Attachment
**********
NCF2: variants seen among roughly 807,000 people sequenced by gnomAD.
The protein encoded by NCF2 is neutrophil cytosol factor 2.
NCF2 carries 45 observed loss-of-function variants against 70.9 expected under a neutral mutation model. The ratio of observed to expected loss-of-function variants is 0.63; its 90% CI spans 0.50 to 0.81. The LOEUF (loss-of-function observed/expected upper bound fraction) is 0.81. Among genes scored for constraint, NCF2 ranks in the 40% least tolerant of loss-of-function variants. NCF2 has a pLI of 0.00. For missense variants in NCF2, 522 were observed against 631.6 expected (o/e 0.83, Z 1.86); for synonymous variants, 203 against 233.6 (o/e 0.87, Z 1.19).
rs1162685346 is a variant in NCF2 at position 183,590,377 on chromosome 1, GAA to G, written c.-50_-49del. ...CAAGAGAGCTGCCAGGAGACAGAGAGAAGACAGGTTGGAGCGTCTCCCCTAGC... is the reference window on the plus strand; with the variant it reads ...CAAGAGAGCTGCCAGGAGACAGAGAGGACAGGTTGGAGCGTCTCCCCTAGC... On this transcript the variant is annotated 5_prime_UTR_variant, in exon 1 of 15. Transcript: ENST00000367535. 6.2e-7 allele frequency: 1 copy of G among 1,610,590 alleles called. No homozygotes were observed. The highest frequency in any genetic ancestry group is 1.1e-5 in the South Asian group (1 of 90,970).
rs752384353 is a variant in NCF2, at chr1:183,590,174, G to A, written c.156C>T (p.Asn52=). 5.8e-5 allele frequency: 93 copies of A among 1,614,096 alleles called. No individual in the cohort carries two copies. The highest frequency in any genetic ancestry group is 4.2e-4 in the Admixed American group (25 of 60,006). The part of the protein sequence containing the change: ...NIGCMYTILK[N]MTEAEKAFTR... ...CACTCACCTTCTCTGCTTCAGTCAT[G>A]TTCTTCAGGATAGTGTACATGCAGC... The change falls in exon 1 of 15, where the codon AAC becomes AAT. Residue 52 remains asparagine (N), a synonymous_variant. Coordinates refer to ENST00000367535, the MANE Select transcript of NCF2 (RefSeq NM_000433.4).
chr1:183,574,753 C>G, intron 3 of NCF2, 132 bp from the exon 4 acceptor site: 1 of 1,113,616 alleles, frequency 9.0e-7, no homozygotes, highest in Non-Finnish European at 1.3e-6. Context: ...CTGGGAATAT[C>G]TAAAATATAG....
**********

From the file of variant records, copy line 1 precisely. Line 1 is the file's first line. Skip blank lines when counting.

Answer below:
NCF2: variants seen among roughly 807,000 people sequenced by gnomAD.